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and fickleness:* but he was not the less holy he was not the less learned, nor is his testimony the less to be received, concerning the nature of the wretched country in which his ardour for study and his melancholy confined him.
Be so obliging as to read his letter to Dardanus, written in the year 414 of our era, which, according to the Jewish reckoning, is the year of the world 4000, or 4001, or 4003, or 4004, as you please.
"I beg of those who assert, that the Jewish people, after the coming out of Egypt, took possession of this country, which to us, by the passion and resurrection of Our Saviour, has become truly a land of promise-I beg of them, I say, to shew us what this people possessed. Their whole dominions extended only from Dan to Bersheba, about one hundred and sixty miles in length. The Holy Scriptures give no more to David and to Solomon. I am ashamed to say what is the breadth of the land of promise, and I fear that the pagans will thence take occasion to blaspheme. It is but forty-six miles from Joppa to our little town of Bethlehem, beyond which all is a frightful desert."
Read also the letter to one of his devotees, in which he says, that from Jerusalem to Bethlehem there is nothing but pebbles, and no water to drink; but that further on, towards the Jordan, you find very good valleys in that country full of bare mountains. This really was a land of milk and honey, in comparison with the abominable desert of Horeb and Sinaï, from which you originally came. The sorry province of Champagne is the land of promise, in relation to some parts of the Landes of Bourdeaux, the banks of the Aar are the land of promise, when compared with the little Swiss cantons; all Palestine is very
* Jerome, in return, writes to Augustin, in his hundred and fourteenth letter, thus-" I have not criticised your works, for I have never read them; but, if I would criticise them, I could show you that you do not understand the Greek fathers You do not even know what you are talking about.”
bad land, in comparison with Egypt which you say you came out of as thieves; but it is a delightful country, if you compare it with the deserts of Jerusalem, Sodom, Horeb, Sinaï, Kadesh, &c.
Go back to Judea as soon as you can. I ask of you only two or three Hebrew families, in order to establish a little necessary trade at Mount Krapak, where I reside. For, if you are (like us) very ridiculous theologians, you are very intelligent buyers and sellers, which we are not.
Charity which God's People and the Christians should entertain for each other.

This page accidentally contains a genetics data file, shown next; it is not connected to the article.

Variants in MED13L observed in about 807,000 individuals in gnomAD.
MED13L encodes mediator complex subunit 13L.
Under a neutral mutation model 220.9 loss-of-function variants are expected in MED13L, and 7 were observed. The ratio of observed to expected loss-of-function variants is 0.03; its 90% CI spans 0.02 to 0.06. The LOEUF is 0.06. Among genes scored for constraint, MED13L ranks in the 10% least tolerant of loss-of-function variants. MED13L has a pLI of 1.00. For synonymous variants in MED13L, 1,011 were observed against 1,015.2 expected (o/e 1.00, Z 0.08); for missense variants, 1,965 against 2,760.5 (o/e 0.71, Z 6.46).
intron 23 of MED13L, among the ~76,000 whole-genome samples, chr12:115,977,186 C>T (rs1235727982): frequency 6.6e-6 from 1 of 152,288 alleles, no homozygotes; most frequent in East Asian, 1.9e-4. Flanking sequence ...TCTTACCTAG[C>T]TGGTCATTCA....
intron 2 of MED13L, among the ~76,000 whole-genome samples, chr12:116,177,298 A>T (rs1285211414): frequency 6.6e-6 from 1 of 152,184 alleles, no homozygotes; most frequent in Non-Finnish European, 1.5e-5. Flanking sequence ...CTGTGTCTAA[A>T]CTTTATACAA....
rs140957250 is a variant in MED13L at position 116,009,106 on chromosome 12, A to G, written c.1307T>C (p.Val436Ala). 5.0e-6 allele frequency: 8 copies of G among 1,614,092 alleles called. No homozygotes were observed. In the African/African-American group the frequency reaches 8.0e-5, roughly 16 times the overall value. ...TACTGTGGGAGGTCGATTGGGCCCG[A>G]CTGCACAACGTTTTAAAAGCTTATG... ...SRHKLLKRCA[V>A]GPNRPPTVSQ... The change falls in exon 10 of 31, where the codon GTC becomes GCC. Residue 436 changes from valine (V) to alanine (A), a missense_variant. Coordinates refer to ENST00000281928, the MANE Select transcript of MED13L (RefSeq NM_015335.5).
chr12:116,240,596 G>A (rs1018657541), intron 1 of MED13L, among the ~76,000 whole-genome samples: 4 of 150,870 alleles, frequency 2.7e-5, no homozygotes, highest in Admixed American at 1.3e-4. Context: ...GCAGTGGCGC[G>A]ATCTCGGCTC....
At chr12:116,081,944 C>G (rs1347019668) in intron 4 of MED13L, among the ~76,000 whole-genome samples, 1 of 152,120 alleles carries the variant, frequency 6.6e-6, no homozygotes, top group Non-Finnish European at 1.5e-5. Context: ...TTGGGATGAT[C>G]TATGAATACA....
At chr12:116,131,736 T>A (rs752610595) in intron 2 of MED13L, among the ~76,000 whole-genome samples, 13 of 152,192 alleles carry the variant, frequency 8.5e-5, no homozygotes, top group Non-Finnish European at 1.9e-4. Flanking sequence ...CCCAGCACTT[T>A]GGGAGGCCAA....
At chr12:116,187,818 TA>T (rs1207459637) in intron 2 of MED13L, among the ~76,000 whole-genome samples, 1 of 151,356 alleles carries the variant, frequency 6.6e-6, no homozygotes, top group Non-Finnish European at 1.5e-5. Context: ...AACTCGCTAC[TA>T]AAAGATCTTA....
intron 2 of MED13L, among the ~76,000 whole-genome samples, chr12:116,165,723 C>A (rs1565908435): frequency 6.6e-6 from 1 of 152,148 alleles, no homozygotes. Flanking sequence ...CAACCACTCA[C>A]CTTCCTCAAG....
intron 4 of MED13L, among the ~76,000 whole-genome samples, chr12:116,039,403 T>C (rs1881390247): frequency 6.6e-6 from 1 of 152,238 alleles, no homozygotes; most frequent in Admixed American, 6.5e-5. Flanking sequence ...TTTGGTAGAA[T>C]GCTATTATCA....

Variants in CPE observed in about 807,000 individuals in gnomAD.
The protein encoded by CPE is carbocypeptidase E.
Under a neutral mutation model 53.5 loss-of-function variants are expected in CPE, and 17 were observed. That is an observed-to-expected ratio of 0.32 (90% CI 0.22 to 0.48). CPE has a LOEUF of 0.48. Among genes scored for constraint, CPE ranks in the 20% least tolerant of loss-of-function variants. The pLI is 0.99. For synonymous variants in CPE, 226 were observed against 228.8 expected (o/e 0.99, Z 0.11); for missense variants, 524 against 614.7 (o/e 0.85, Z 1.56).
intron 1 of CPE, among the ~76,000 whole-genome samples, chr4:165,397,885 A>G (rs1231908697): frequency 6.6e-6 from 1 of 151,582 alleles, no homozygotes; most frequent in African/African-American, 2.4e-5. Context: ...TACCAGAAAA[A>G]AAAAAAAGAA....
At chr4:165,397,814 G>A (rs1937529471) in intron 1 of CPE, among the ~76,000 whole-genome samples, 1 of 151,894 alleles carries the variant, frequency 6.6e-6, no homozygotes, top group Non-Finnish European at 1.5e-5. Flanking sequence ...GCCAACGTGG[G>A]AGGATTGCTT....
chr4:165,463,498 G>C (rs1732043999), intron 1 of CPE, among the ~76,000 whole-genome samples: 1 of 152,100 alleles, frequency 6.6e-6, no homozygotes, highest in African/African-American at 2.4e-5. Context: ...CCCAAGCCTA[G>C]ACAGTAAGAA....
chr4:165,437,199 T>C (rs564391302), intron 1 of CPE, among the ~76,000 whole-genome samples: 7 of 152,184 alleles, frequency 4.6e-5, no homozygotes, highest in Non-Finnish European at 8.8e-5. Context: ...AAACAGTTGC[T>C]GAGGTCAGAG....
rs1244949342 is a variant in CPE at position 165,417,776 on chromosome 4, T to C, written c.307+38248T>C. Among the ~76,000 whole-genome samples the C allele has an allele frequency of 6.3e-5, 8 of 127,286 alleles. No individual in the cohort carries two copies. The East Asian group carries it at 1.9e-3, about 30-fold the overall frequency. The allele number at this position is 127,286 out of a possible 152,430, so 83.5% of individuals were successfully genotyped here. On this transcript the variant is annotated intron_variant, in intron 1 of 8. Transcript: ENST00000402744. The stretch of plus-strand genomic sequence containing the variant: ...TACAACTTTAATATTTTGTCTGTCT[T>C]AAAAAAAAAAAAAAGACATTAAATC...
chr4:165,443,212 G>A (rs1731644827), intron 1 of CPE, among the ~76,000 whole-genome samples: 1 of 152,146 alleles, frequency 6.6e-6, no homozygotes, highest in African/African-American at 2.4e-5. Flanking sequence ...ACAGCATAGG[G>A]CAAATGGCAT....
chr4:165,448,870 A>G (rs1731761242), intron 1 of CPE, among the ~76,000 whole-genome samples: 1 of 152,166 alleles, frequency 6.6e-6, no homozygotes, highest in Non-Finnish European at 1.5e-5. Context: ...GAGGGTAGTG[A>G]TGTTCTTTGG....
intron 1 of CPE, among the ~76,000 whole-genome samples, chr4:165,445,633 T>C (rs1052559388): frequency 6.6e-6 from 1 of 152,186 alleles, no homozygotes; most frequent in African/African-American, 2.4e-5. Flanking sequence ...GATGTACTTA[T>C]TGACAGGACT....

My tenderness for you has only a few words more to say. We have been accustomed for ages to hang you up between two dogs; we have repeatedly driven you away through avarice; we have recalled you through avarice and stupidity; we still, in more towns than one, make you pay for liberty to breathe the air; we have, in more kingdoms than one, sacrificed you to God; we have burned you as holocausts-for I will not follow your example, and dissemble that we have offered up sacrifices of human blood; all the difference is, that our priests, content with applying your money to their own use, have had you burned by laymen; while your priests always immolated the human victims with their own sacred hands. You were monsters of cruelty and fanaticism in Palestine; we have been so in Europe: my friends, let all this be forgotten.
Would you live in peace? Imitate the Banians and the Guebres. They are much more ancient than you are; they are dispersed like you; they are, like you, without a country. The Guebres in particular, who are the ancient Persians, are slaves like you, after being for a long while masters. They say not a word. Follow their example. You are calculating animalstry to be thinking ones.
GOOD day, friend Job! thou art one of the most ancient originals of which books make mention; thou wast not a Jew; we know that the book which bears thy name is more ancient than the Pentateuch. If the Hebrews, who translated it from the Arabic, made use of the word Jehovah to signify God, they borrowed it from the Phenicians and Egyptians, of which men of learning are assured. The word Satan was not Hebrew; it was Chaldean, as is well known.
Thou dwelledst on the confines of Chaldea. Commentators, worthy of their profession, pretend that thou didst believe in the resurrection, because, being prostrate on thy dunghill, thou hast said in thy nineteenth chapter, that thou wouldst one day rise up from it. A patient who wishes his cure is not anxious for resurrection in lieu of it; but I would speak to thee of other things.